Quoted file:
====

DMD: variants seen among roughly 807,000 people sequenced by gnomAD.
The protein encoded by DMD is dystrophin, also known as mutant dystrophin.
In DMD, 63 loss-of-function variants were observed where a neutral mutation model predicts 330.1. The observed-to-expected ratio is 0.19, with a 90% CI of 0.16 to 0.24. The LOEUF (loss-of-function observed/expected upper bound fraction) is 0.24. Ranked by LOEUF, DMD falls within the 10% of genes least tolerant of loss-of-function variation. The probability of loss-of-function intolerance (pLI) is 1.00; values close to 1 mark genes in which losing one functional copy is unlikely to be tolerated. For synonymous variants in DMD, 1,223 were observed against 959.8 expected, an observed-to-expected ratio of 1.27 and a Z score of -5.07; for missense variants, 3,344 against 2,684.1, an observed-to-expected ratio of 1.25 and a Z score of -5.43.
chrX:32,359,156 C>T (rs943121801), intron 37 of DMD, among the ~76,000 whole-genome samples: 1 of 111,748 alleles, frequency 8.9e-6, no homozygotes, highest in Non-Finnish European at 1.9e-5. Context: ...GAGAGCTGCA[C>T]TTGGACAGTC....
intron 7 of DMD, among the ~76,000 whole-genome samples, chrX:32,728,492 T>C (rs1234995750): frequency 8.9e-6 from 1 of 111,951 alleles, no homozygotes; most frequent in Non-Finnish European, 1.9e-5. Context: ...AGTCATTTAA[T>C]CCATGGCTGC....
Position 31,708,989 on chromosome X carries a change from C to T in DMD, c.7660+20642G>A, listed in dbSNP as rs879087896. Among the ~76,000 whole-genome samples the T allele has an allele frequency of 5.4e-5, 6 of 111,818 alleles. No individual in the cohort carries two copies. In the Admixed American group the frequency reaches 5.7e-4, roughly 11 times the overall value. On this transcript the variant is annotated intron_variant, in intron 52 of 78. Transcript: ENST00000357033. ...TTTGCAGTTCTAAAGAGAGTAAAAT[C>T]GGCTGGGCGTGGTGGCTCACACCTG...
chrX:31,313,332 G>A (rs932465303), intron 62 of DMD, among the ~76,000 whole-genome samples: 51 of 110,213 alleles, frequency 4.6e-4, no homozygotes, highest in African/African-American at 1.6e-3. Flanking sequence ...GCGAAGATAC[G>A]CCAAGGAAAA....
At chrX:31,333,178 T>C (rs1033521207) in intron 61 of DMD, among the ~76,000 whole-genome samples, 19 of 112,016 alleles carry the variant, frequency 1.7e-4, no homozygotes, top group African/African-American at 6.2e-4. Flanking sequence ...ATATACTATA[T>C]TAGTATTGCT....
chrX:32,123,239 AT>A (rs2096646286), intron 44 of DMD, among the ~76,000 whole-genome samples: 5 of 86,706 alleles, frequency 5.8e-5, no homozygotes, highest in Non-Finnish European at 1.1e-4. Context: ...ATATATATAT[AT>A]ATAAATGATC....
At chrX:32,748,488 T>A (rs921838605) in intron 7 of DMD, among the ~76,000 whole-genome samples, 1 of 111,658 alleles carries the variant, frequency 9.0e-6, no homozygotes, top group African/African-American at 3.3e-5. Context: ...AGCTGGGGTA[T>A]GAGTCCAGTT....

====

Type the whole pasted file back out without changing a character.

DMD: variants seen among roughly 807,000 people sequenced by gnomAD.
The protein encoded by DMD is dystrophin, also known as mutant dystrophin.
In DMD, 63 loss-of-function variants were observed where a neutral mutation model predicts 330.1. The observed-to-expected ratio is 0.19, with a 90% CI of 0.16 to 0.24. The LOEUF (loss-of-function observed/expected upper bound fraction) is 0.24. Ranked by LOEUF, DMD falls within the 10% of genes least tolerant of loss-of-function variation. The probability of loss-of-function intolerance (pLI) is 1.00; values close to 1 mark genes in which losing one functional copy is unlikely to be tolerated. For synonymous variants in DMD, 1,223 were observed against 959.8 expected, an observed-to-expected ratio of 1.27 and a Z score of -5.07; for missense variants, 3,344 against 2,684.1, an observed-to-expected ratio of 1.25 and a Z score of -5.43.
chrX:32,359,156 C>T (rs943121801), intron 37 of DMD, among the ~76,000 whole-genome samples: 1 of 111,748 alleles, frequency 8.9e-6, no homozygotes, highest in Non-Finnish European at 1.9e-5. Context: ...GAGAGCTGCA[C>T]TTGGACAGTC....
intron 7 of DMD, among the ~76,000 whole-genome samples, chrX:32,728,492 T>C (rs1234995750): frequency 8.9e-6 from 1 of 111,951 alleles, no homozygotes; most frequent in Non-Finnish European, 1.9e-5. Context: ...AGTCATTTAA[T>C]CCATGGCTGC....
Position 31,708,989 on chromosome X carries a change from C to T in DMD, c.7660+20642G>A, listed in dbSNP as rs879087896. Among the ~76,000 whole-genome samples the T allele has an allele frequency of 5.4e-5, 6 of 111,818 alleles. No individual in the cohort carries two copies. In the Admixed American group the frequency reaches 5.7e-4, roughly 11 times the overall value. On this transcript the variant is annotated intron_variant, in intron 52 of 78. Transcript: ENST00000357033. ...TTTGCAGTTCTAAAGAGAGTAAAAT[C>T]GGCTGGGCGTGGTGGCTCACACCTG...
chrX:31,313,332 G>A (rs932465303), intron 62 of DMD, among the ~76,000 whole-genome samples: 51 of 110,213 alleles, frequency 4.6e-4, no homozygotes, highest in African/African-American at 1.6e-3. Flanking sequence ...GCGAAGATAC[G>A]CCAAGGAAAA....
At chrX:31,333,178 T>C (rs1033521207) in intron 61 of DMD, among the ~76,000 whole-genome samples, 19 of 112,016 alleles carry the variant, frequency 1.7e-4, no homozygotes, top group African/African-American at 6.2e-4. Flanking sequence ...ATATACTATA[T>C]TAGTATTGCT....
chrX:32,123,239 AT>A (rs2096646286), intron 44 of DMD, among the ~76,000 whole-genome samples: 5 of 86,706 alleles, frequency 5.8e-5, no homozygotes, highest in Non-Finnish European at 1.1e-4. Context: ...ATATATATAT[AT>A]ATAAATGATC....
At chrX:32,748,488 T>A (rs921838605) in intron 7 of DMD, among the ~76,000 whole-genome samples, 1 of 111,658 alleles carries the variant, frequency 9.0e-6, no homozygotes, top group African/African-American at 3.3e-5. Context: ...AGCTGGGGTA[T>A]GAGTCCAGTT....